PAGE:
Two books. One read. Can you guess which?
The story of Benjamin Franklin
It was a radical trip to the book store; one of those outings where I was unlikely to return with something run-of-the-mill because I didn’t need run-of-the-mill that day. I’ve already written about my encounter with Thomas De Quincey’s On Murder Considered as One of the Fine Arts. The other purchase, that day, was the Autobiography of Benjamin Franklin.
It is important to read something a bit unusual, something a bit harder than usual, in order to give our brain cells a bit of a stretch. And, not forgetting, it is important to expand the boundaries of our world-view. My radical purchases that day ticked all those boxes, yet neither were particularly enjoyable, although enjoy-ability doesn’t automatically dissipate because a book was written centuries ago.
I shall, nevertheless, raise a glass: To Ben and his huge ego, crammed into a small volume with very tiny print.
Ben’s spine is a little over a quarter of an inch, or about 75 millimeters, which does make it an easy book to handle. Small print used to be a problem. I now own a book light. It clips on and illuminates with wonderful exactness.
History books are well worth the effort. Ben writes about how he and a few friends got things started in the new colony that later became the USA. I was particularly interested in the process of ‘subscription’.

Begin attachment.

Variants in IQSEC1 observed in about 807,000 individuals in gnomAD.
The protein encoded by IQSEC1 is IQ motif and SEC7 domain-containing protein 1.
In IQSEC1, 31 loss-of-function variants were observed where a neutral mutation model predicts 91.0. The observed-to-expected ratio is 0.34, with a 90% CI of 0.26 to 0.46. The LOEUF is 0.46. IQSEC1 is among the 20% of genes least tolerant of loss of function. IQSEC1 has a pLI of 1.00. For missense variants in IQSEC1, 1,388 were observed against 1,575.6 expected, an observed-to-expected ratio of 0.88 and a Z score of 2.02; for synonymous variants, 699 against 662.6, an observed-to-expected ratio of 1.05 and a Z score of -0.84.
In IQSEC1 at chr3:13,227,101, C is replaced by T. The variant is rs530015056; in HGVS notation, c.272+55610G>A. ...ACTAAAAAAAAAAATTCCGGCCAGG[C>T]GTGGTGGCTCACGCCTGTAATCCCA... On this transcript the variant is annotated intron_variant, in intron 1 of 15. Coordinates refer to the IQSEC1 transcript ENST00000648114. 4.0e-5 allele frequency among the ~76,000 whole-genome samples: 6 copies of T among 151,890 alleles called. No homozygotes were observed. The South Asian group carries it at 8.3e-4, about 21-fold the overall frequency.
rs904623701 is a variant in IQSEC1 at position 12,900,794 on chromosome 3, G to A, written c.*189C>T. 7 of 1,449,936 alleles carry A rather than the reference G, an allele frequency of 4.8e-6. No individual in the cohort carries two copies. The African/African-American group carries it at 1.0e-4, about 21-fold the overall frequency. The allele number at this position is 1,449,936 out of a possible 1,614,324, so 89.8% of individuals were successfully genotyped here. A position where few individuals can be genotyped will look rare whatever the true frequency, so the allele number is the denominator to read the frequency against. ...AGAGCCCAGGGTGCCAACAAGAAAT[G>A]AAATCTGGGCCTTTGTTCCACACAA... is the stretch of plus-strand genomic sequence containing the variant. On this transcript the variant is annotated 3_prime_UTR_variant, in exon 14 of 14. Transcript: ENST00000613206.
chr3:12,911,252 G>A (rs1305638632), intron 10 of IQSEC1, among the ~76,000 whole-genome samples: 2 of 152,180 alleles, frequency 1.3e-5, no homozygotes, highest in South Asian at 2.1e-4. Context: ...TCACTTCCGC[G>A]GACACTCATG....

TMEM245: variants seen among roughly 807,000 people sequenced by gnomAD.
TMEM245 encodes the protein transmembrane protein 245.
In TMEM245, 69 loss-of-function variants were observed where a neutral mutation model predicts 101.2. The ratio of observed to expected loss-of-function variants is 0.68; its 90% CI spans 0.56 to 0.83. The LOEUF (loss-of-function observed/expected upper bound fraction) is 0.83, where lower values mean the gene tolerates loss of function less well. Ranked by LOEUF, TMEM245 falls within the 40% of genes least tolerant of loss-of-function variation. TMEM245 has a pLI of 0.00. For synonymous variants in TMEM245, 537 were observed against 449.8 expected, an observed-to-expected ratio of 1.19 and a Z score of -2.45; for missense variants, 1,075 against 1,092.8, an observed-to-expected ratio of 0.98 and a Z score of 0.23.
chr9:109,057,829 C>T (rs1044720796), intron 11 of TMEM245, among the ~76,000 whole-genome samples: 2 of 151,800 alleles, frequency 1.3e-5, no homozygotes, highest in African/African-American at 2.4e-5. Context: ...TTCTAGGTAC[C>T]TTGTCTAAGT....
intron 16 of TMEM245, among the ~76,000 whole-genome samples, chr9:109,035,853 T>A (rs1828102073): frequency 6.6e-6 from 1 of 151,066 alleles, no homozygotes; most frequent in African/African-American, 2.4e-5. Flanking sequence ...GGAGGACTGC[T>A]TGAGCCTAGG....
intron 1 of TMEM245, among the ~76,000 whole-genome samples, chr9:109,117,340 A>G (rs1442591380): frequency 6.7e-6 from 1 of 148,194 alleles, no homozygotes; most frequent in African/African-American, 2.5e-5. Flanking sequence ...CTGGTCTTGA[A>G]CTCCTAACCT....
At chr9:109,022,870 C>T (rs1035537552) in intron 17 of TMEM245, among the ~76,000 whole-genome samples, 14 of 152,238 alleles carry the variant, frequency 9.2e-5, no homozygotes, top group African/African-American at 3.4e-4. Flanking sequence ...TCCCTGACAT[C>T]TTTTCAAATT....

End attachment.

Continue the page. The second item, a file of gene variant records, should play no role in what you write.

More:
We see that word used in connection with magazines and newspapers, paying in advance, but Ben uses it for a range of other services – a group of people pay a subscription that pools their funds to get a local service started. More like buying shares than paying taxes, ensuring that the benefit only goes to those with enough disposable capital to afford it.
To be fair to Ben, he also convinced the local Assemblies to join together for the greater good and fund an army for the mutual protection of all.
A promised land
Around the time of that radical trip to the book store, I risked an online purchase with Barack Obama’s A Promised Land.
Oh my! This is a spine of some magnitude, spanning 550 millimeters. That’s nearly two and half inches in the old money. I didn’t notice the size when making the purchase and was rather alarmed when the package arrived. I’m still not sure how to manage the physical act of reading it, but we are back in lock down, so I might need to find a way.
Barack writes in the preface: “It’s fair to say that the writing process didn’t go exactly as I’d planned. Despite my best intentions, the book kept growing in length and scope …” And it doesn’t end there. There is another planned.
Making a list
In contrast, Ben seems to have kept a tight reign on his content. The publisher added a preface, of sorts, and titled it “Franklin’s Outline for His Autobiography“. It is a list, perhaps in chronological order, of the things he planned to include: “Pamphlet on Paper Money. Gazette from Keimer. Junto credit; its plan. Marry. Library erected. Manner of conducting the project. Its plan and utility. Children. Almanac. The use I made of it.”
It is a tightly packed list, a little over three pages long.
I then wondered how such a list of my life might be compiled and what it would look like. And no, I haven’t started one yet. You are spared; for now.